Friday Fare: 11/30/18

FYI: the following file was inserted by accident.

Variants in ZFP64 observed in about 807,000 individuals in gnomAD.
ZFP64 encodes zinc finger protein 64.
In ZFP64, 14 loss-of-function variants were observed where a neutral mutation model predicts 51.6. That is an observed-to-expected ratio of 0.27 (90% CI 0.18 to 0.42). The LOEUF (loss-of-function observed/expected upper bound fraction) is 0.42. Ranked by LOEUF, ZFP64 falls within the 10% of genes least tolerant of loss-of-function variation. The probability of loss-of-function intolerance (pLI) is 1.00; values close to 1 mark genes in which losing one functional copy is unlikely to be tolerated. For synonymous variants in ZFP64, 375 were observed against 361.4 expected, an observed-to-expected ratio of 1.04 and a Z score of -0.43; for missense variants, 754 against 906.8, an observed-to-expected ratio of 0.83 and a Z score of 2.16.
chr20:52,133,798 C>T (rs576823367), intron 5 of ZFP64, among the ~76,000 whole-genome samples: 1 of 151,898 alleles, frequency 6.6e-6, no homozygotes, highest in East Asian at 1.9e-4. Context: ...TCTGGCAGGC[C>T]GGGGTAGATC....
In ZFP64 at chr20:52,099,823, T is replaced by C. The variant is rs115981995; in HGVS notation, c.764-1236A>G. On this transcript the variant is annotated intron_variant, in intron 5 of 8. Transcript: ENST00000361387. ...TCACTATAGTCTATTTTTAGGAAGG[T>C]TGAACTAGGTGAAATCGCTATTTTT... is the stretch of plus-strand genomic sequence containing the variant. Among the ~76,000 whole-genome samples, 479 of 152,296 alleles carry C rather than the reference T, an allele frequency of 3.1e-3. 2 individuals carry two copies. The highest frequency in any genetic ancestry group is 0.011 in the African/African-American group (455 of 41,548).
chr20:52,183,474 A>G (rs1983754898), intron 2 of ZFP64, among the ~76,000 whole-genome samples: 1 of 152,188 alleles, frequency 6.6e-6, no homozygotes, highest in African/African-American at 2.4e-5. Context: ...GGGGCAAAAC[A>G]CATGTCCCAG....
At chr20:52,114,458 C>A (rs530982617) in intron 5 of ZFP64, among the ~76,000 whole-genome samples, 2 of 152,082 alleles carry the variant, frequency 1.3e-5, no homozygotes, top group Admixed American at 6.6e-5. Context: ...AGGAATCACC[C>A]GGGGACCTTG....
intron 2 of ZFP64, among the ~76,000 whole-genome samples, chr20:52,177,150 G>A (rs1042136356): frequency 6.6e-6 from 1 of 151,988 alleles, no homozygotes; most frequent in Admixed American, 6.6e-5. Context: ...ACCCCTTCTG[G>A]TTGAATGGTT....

My stomach was in knots earlier this week when the Mystery Writers of America (MWA) stepped in a proverbial cowflop by naming Linda Fairstein as the 2019 Grand Master for the Edgar Awards (the award was rescinded on Thursday morning).  In the mystery world, Fairstein is known for her New York Times bestselling novels, but Fairstein also “oversaw the prosecution of the Central Park Five — teenage boys wrongly convicted of a 1989 rape that shocked and divided New Yorkers.”  (Click on this link for NYTimes’s overview of the MWA/Fairstein issue.)  Before I go further, I should include a disclaimer – the thoughts I express here are my own, but here they are … Tuesday’s original announcement was greeted with a certain amount of salty language from me, because although I did not *know* who Fairstein was until the backlash started, a Google search told me plenty of what I needed to know about her career prior to becoming a writer.  In the criticism that followed from the L.A. Times and from writers of color / mystery writers in general on social media, the narrative that emerged was that although MWA and the mystery community have made strides with diversity, we have a LOOOOONNNNNGGGGGG way to go as evidenced by the short-sighted and painful pick our industry made for the Edgar Awards.  Or, as novelist Kellye Garrett put it: “They have work to do, especially when it comes to inclusivity and embracing writers from marginalized communities.”  This was painful to watch.  This was embarrassing. The mystery community needs to do better.